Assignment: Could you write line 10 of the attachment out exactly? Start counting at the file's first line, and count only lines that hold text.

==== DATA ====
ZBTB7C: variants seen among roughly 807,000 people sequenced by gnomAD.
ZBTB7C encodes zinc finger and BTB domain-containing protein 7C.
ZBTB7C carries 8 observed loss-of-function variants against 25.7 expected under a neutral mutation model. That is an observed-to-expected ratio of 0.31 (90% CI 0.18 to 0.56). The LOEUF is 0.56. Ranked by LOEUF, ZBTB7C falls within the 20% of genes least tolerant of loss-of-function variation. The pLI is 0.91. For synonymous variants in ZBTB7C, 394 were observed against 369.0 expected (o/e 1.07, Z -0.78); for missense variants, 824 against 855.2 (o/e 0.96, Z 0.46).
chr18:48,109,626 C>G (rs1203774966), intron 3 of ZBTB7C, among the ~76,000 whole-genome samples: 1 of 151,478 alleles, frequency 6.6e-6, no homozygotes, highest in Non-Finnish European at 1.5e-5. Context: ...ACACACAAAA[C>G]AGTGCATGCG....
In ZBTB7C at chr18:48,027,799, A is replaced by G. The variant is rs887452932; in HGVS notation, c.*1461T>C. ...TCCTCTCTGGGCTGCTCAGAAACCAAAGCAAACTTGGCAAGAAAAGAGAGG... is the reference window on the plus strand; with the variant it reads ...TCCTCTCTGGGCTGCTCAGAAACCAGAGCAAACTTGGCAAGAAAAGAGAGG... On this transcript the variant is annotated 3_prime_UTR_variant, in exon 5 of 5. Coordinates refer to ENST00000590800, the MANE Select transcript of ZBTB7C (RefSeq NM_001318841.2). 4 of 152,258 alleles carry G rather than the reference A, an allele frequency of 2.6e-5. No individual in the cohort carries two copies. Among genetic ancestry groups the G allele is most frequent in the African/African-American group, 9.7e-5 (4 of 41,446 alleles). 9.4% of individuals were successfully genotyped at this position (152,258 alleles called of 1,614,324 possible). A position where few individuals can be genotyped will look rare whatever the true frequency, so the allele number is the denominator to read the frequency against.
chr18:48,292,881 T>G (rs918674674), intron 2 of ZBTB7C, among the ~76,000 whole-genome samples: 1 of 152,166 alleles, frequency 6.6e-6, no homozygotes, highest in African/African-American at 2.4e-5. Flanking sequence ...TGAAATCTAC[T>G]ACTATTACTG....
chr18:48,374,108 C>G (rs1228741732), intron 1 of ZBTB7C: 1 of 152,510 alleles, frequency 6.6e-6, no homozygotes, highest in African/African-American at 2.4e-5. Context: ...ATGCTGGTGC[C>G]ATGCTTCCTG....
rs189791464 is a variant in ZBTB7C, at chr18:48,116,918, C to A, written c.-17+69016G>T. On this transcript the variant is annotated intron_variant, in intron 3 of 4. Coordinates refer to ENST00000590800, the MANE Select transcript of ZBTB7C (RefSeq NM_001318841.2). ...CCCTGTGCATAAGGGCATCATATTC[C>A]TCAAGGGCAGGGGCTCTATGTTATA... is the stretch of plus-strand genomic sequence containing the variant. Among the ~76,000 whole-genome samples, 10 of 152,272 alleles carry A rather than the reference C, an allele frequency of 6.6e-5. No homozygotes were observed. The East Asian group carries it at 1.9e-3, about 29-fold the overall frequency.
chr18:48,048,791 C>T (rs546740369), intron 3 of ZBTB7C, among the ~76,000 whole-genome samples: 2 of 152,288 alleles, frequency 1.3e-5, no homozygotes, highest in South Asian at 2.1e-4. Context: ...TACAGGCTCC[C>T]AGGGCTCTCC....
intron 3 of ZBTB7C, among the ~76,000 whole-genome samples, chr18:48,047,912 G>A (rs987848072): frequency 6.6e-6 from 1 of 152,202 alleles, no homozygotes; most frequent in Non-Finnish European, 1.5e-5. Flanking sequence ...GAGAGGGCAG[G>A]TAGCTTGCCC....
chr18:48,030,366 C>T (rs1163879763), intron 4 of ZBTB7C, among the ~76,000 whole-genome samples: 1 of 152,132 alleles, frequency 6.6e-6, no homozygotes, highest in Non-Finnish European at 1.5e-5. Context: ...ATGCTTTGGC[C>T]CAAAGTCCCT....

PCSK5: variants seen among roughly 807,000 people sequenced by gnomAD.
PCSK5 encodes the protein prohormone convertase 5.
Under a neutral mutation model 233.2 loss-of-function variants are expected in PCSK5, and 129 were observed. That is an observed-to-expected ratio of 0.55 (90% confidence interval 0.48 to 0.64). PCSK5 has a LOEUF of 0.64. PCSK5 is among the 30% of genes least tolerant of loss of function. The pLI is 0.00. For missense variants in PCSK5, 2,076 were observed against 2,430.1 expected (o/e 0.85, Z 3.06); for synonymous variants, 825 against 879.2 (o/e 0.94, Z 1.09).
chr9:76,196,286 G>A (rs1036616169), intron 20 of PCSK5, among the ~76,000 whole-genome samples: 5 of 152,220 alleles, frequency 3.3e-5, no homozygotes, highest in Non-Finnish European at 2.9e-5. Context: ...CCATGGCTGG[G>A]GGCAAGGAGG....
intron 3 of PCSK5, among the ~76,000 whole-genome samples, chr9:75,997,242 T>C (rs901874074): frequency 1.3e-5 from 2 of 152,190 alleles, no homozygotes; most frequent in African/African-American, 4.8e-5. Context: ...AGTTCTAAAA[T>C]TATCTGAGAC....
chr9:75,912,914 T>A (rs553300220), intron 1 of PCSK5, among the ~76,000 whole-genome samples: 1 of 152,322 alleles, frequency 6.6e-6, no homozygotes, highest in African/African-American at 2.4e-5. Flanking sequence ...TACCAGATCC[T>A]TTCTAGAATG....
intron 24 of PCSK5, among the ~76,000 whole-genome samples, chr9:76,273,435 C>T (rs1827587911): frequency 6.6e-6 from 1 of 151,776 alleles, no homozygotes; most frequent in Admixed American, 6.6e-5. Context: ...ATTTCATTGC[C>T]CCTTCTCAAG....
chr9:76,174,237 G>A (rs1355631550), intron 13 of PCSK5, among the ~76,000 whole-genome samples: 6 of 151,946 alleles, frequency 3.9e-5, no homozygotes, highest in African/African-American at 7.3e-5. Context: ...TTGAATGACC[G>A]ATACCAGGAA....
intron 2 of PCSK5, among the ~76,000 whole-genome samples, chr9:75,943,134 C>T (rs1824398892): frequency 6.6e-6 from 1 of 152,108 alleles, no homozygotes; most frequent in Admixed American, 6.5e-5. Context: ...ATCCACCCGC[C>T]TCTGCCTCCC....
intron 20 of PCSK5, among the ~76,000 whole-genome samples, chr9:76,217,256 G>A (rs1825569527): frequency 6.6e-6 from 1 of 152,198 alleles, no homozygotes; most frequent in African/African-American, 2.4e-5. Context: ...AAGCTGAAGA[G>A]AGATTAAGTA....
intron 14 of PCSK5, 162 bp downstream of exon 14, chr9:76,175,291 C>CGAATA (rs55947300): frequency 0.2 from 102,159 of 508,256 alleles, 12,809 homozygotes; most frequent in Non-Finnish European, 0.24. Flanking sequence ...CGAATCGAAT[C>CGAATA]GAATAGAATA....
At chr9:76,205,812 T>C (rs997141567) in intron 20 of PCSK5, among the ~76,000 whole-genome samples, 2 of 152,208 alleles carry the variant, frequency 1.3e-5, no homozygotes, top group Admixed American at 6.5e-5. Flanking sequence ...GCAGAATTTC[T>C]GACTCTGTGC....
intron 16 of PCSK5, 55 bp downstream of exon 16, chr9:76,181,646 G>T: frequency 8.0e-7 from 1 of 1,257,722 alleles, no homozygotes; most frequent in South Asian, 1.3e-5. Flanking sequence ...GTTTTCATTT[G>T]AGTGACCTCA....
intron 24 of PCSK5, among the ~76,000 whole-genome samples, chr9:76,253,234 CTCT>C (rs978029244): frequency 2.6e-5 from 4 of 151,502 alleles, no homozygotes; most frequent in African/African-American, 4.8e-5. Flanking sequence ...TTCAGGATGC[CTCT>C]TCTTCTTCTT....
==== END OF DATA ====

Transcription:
intron 3 of ZBTB7C, among the ~76,000 whole-genome samples, chr18:48,047,912 G>A (rs987848072): frequency 6.6e-6 from 1 of 152,202 alleles, no homozygotes; most frequent in Non-Finnish European, 1.5e-5. Flanking sequence ...GAGAGGGCAG[G>A]TAGCTTGCCC....